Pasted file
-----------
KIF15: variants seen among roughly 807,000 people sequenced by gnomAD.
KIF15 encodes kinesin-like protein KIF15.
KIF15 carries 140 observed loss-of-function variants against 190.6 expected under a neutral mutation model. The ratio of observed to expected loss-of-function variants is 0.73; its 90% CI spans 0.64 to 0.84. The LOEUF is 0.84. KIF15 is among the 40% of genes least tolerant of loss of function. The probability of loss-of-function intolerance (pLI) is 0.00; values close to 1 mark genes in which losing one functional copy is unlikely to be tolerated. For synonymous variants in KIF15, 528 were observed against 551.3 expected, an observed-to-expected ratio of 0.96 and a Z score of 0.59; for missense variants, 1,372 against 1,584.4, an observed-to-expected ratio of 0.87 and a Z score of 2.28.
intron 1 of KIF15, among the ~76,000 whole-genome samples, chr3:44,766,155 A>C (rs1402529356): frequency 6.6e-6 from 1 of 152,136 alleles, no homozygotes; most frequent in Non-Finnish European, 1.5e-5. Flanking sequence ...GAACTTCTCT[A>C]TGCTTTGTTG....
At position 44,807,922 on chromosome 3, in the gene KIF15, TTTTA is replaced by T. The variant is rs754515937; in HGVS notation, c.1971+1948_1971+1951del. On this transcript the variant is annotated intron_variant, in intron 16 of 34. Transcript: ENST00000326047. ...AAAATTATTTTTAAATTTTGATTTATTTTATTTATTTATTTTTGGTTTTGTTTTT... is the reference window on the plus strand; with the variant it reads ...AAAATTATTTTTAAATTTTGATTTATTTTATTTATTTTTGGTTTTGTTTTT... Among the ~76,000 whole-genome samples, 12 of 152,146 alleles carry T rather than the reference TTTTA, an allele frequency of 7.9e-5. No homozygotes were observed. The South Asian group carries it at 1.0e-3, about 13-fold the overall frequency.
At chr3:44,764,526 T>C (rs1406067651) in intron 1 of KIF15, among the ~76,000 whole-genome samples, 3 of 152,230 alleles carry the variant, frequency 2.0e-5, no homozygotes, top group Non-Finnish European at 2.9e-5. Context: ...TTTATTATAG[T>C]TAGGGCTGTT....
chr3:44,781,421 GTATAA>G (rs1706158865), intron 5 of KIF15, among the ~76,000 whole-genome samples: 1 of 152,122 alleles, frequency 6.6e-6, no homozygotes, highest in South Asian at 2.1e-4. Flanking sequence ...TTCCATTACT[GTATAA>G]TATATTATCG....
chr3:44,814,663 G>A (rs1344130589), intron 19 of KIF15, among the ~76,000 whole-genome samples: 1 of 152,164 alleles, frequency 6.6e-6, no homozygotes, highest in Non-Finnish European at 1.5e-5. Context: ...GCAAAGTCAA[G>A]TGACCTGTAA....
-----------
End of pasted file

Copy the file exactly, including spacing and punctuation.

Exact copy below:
KIF15: variants seen among roughly 807,000 people sequenced by gnomAD.
KIF15 encodes kinesin-like protein KIF15.
KIF15 carries 140 observed loss-of-function variants against 190.6 expected under a neutral mutation model. The ratio of observed to expected loss-of-function variants is 0.73; its 90% CI spans 0.64 to 0.84. The LOEUF is 0.84. KIF15 is among the 40% of genes least tolerant of loss of function. The probability of loss-of-function intolerance (pLI) is 0.00; values close to 1 mark genes in which losing one functional copy is unlikely to be tolerated. For synonymous variants in KIF15, 528 were observed against 551.3 expected, an observed-to-expected ratio of 0.96 and a Z score of 0.59; for missense variants, 1,372 against 1,584.4, an observed-to-expected ratio of 0.87 and a Z score of 2.28.
intron 1 of KIF15, among the ~76,000 whole-genome samples, chr3:44,766,155 A>C (rs1402529356): frequency 6.6e-6 from 1 of 152,136 alleles, no homozygotes; most frequent in Non-Finnish European, 1.5e-5. Flanking sequence ...GAACTTCTCT[A>C]TGCTTTGTTG....
At position 44,807,922 on chromosome 3, in the gene KIF15, TTTTA is replaced by T. The variant is rs754515937; in HGVS notation, c.1971+1948_1971+1951del. On this transcript the variant is annotated intron_variant, in intron 16 of 34. Transcript: ENST00000326047. ...AAAATTATTTTTAAATTTTGATTTATTTTATTTATTTATTTTTGGTTTTGTTTTT... is the reference window on the plus strand; with the variant it reads ...AAAATTATTTTTAAATTTTGATTTATTTTATTTATTTTTGGTTTTGTTTTT... Among the ~76,000 whole-genome samples, 12 of 152,146 alleles carry T rather than the reference TTTTA, an allele frequency of 7.9e-5. No homozygotes were observed. The South Asian group carries it at 1.0e-3, about 13-fold the overall frequency.
At chr3:44,764,526 T>C (rs1406067651) in intron 1 of KIF15, among the ~76,000 whole-genome samples, 3 of 152,230 alleles carry the variant, frequency 2.0e-5, no homozygotes, top group Non-Finnish European at 2.9e-5. Context: ...TTTATTATAG[T>C]TAGGGCTGTT....
chr3:44,781,421 GTATAA>G (rs1706158865), intron 5 of KIF15, among the ~76,000 whole-genome samples: 1 of 152,122 alleles, frequency 6.6e-6, no homozygotes, highest in South Asian at 2.1e-4. Flanking sequence ...TTCCATTACT[GTATAA>G]TATATTATCG....
chr3:44,814,663 G>A (rs1344130589), intron 19 of KIF15, among the ~76,000 whole-genome samples: 1 of 152,164 alleles, frequency 6.6e-6, no homozygotes, highest in Non-Finnish European at 1.5e-5. Context: ...GCAAAGTCAA[G>A]TGACCTGTAA....